On February 13, 2001, approximately 1020 Pacific standard time, a Beech 200, N222KA, registered to the State of Washington and operated by the Aviation Section of the Washington State Patrol on a public-use flight from Yakima, Washington, overran the end of runway 17 during landing following an instrument landing system (ILS) approach to runway 17 at Olympia, Washington. Following the runway overrun, the aircraft's right main landing gear collapsed, and the airplane was substantially damaged. There were no injuries to the airline transport pilot-in-command, commercial second pilot, or 10 passengers aboard the aircraft (all 12 persons aboard were Washington State Patrol employees.) Instrument meteorological conditions were reported at Olympia at 0956 and 1036, and the flight was on an instrument flight rules (IFR) flight plan. Use your browsers 'back' function to return to synopsisReturn to Query Page
The pilots reported that they received the Olympia weather from Seattle Approach Control upon being handed off to that facility. According to the pilots, the Seattle approach controller advised them that the ceiling was 100 feet variable, and that visibility was 1/4 mile in fog. The pilots reported that the Seattle approach controller then asked their intentions, and that they stated they wanted the ILS runway 17 approach into Olympia. The pilot stated he called for approach flaps approximately 5 miles from HABOR intersection. The pilots reported that the approach controller set them up for a left base intercept of the localizer approximately 3 miles north of HABOR. The pilot reported that the controller assigned him a heading of 200 degrees until localizer intercept, instructed him to descend and maintain 2,500 feet until established, and cleared him for the ILS runway 17 approach. The pilot reported that "It appeared he turned us too late", however, and that the aircraft flew through the localizer. The pilot stated the controller then turned him to a new heading of 140 degrees for localizer intercept, and asked if the pilot wanted to continue the approach. The pilot stated that he replied that he did. The pilot reported that after intercepting the localizer and stabilizing on the localizer and glide slope inside of HABOR, the approach was stable (on course and on glide slope) at approximately 120 knots.
The pilots reported that the second pilot called the approach lights in sight at 100 feet above decision height (DH), and that the second pilot called the runway in sight as the aircraft approached DH. The pilot stated that he looked out and initially did not see the runway, but that "within a matter of seconds" he looked out again and observed the runway numbers and touchdown zone markings. The pilot reported that he then began pulling the power levers to flight idle, and that full flaps were lowered at this time. The pilot stated that he last glanced at his airspeed as the second pilot called the runway and that his recollection was that he was at approximately 115 knots; he stated that this was the last time he recalled his airspeed. The pilot reported that the visibility on final was better than the 1/4 mile being reported (he reported it as about 1/2 mile), and that he did not lose sight of the runway at any time during this phase of the approach.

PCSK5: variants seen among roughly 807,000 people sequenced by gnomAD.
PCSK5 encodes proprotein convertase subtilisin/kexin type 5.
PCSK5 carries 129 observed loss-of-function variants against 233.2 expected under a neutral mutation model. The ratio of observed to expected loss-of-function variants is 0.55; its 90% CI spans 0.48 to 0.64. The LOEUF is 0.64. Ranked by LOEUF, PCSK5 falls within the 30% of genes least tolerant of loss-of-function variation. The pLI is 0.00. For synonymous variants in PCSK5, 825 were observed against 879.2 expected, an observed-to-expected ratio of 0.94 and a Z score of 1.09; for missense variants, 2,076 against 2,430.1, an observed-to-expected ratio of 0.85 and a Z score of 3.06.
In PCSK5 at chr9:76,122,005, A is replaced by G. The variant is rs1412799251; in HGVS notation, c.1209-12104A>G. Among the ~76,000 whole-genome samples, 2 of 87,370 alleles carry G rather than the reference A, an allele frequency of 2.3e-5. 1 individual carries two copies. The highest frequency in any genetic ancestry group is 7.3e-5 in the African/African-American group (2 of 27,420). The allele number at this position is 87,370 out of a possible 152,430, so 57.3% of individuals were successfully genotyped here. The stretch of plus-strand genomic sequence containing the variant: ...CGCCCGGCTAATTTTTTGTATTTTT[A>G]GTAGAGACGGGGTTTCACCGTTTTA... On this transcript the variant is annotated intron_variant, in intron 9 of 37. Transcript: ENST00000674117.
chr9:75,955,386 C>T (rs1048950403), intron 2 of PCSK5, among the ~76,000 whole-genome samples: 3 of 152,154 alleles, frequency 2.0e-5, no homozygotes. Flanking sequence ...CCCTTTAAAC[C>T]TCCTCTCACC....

The pilot reported: "Once we were settling in for landing, I observed the aiming point marks for [runway] 35 approaching rapidly. Once landed I applied max [braking] and full reverse as [the second pilot] put the props full forward. It was apparent at this time that we had excessive speed and were going to run off the end of the runway." The aircraft ran off the end of the runway, collapsing its right main gear and coming to rest on its right wing. The Washington State Patrol operator's report to the NTSB indicated that no mechanical malfunction or failure of the aircraft was involved in the accident.
An FAA inspector from the Seattle, Washington, Flight Standards District Office (FSDO) interviewed the 10 passengers aboard the airplane, the tower controller, and the State Patrol aviation section secretary on duty at the airport at the time of the accident. Most passengers reported that on the accident approach, they first saw the ground at estimated altitudes ranging from 50 feet above ground level (AGL) to 300 feet AGL; one passenger reported not seeing the ground before touchdown. The State Patrol secretary (in the State Patrol hangar 500 feet from the runway) and the tower controller (1,230 feet from the runway) both reported that they did not see the airplane land; the State Patrol secretary reported she could just make out the runway from the hangar, whereas the tower controller reported he could not see the runway from the control tower. The passengers estimated visibility at the airport from "a couple of hundred feet" to less than 1/4 mile (of those who reported visibility estimates, the majority estimated it as 300 to 500 feet.) One passenger also reported that the visibility deteriorated as the airplane progressed down the runway. Three passengers reported that the aircraft floated or landed long, with one reporting that the airplane was just above the level of the VOR tower (located approximately midfield about 750 feet from the runway) as the airplane passed abeam the VOR. All 10 passengers reported that the touchdown was firm, hard, harder than normal, or solid, that the airplane "landed with a thunk", or that the touchdown was "not one of the best he had felt."